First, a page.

6 tips for success with film photography
Image credit - Inga Seliverstova

A Beginners Guide to Shooting Film

Are you new to film photography and looking for a beginner's guide to get started? Be fully prepared for your first photography session with our in-depth blog post covering all the essentials.

Whether you're already comfortable shooting digital or just starting out with photography, this guide will help you learn the basics of film photography and help you start capturing beautiful, timeless images.

 

Learn about your camera

Film cameras are often more unique than their modern digital counterparts. Experimental features are more common, and design patterns were far less standardised in the days of high-competition in the analogue camera world.

Before embarking on your first expedition with your new camera, it is important to take the time to understand how to load and advance the film properly, adjust the aperture and shutter speed settings and understand whatever viewfinder indicators your camera provides.

If you have access to the cameras guide or manual it is recommended to read through it, even briefly, before using your camera for the first time. This will help prevent any avoidable damage to your precious images, and possibly even your camera. 

Get familiar with the exposure triangle

The aperture, shutter speed, and ISO work together to determine the exposure of a photograph. Understanding how to adjust these settings will allow you to control the amount of light in your shots and create the desired effect.

If your camera doesn't offer exposure controls, it's important to understand how your camera achieves it's exposure. Most point and shoots offer fully automatic exposure, but even this can sometimes be confused by harsh lights or dark shadows. Experiment and enjoy the process, even mistakes are memories. 

 

Practice composing your shots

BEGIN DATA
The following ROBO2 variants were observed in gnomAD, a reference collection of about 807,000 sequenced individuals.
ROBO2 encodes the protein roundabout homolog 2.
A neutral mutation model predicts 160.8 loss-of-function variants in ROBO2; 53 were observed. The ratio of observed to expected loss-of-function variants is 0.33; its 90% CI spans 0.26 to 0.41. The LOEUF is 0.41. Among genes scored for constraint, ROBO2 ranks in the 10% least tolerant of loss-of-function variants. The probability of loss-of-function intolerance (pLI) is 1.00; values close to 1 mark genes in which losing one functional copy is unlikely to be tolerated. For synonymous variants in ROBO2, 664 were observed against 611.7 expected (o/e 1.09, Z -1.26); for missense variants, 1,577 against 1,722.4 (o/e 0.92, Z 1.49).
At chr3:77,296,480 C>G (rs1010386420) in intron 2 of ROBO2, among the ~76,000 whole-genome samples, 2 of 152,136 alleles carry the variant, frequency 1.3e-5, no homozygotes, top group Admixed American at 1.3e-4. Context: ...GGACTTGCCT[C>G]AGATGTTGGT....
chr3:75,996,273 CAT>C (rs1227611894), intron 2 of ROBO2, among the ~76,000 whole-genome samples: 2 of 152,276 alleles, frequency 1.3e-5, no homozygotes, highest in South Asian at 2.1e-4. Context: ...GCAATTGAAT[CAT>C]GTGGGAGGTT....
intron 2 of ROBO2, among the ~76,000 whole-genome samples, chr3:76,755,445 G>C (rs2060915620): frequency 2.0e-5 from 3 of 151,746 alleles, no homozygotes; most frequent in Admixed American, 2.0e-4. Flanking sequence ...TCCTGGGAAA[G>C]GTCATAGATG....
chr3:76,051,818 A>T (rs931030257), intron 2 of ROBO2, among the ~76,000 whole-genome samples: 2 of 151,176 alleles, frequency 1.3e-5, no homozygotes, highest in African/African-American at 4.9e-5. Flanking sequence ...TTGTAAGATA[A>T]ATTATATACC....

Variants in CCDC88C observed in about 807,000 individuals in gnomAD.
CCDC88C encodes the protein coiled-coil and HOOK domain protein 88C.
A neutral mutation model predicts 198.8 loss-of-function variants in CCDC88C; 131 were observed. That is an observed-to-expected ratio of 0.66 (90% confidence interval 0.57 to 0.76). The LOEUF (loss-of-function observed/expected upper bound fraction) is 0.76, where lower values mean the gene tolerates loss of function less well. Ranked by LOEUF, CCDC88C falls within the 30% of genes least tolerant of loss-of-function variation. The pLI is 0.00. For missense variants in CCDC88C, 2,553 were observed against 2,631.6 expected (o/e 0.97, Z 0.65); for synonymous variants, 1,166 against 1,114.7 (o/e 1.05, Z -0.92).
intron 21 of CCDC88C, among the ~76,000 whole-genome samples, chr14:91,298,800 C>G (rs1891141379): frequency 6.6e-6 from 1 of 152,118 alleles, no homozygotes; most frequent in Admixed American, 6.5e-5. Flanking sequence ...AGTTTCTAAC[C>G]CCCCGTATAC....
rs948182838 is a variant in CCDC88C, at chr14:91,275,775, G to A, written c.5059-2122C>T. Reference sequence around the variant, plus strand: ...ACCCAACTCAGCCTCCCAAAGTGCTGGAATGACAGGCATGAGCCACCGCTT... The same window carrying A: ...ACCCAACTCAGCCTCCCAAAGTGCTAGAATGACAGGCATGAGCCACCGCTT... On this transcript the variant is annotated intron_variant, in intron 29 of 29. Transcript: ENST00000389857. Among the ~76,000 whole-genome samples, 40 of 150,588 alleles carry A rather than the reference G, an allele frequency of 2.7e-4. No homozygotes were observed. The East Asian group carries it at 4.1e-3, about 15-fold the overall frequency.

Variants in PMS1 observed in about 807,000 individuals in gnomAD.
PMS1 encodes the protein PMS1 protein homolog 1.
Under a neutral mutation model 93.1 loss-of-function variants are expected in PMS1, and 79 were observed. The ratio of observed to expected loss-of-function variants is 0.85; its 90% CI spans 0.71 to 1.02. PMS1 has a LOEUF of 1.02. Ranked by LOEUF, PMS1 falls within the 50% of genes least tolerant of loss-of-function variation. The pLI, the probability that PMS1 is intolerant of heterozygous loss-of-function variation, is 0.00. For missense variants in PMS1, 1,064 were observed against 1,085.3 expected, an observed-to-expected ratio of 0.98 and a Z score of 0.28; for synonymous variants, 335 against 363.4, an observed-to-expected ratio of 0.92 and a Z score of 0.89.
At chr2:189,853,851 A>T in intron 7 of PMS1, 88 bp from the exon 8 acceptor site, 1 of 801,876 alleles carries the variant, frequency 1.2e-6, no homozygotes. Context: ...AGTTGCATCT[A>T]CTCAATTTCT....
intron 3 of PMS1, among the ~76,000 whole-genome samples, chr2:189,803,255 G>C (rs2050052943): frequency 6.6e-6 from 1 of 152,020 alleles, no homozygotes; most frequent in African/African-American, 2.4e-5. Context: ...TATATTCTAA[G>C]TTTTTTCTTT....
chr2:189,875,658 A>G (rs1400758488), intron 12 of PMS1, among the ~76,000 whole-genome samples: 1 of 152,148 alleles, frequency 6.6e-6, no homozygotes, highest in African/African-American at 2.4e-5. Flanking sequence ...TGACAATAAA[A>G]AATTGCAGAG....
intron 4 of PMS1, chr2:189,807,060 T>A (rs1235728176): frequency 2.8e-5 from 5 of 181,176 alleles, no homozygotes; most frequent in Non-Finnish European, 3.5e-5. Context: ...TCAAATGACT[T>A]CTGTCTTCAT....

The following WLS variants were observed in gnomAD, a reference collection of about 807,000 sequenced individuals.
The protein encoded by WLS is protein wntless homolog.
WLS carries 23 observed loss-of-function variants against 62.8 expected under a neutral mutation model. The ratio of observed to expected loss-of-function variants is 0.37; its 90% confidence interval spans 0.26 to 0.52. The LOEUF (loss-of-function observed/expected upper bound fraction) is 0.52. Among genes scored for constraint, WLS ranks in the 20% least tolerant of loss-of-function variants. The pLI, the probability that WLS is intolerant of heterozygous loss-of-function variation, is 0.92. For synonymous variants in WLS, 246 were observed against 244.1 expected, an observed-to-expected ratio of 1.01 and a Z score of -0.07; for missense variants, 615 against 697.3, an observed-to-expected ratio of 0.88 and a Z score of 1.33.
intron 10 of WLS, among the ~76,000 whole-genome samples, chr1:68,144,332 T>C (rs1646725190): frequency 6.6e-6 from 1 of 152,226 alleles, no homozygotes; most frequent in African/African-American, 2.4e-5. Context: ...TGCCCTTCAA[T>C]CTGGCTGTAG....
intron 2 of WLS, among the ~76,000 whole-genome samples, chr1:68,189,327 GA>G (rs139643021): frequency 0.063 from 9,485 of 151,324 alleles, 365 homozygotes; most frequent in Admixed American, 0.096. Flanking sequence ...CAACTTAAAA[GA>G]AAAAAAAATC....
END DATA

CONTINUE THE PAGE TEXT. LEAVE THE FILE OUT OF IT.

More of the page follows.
Good composition is a key element in taking great photographs. Tips for composition include the rule of thirds, leading lines, and framing your subject.

The rule of thirds states that the main subject of the photograph should be placed at one of the points where the lines of a grid divide the frame. Leading lines can be used to guide the viewer's eye through the image, while balance and symmetry can create a harmonious and pleasing composition.

When using film, it's important to think about composition before taking the photo, as unlike digital, film has a limited number of shots, so it's essential to make each shot count.

Take your time

Film photography requires patience and planning, so taking your time when composing your shots and adjusting your settings will lead to a higher chance of capturing a meaningful and well-exposed image. Additionally, film has a limited number of shots per roll compared to digital, so it's essential to make each shot count by carefully considering the composition, lighting and exposure before taking the photo.

Always use a light meter to give accurate exposures

Some film cameras have a built in light meter that can help when gaining a correct exposure on your film. It's important to understand how this works in your particular camera before taking a photograph. 

If your camera does not have a light meter, you can use an external light meter to recommend the aperture and shutter-speed settings you set manually on the camera. External light meters do not need to be expensive, and in most cases a smartphone app will suffice.

If you use iPhone, a good choice for light meter app is Pocket Light Meter

If you use an Android phone, a good choice for a light meter app is Light Meter'

Experiment and learn

Film photography is an art form, and the best way to learn is by experimenting with different types of film, shooting conditions, and techniques. Don't be afraid to make mistakes, as they are an important part of the learning process.

It's also important to mention that when shooting with film, you will not be able to see the final result right away as you do with digital, so you will have to take note of the settings you used and the lighting condition, so you can make adjustments for the next shots.

 

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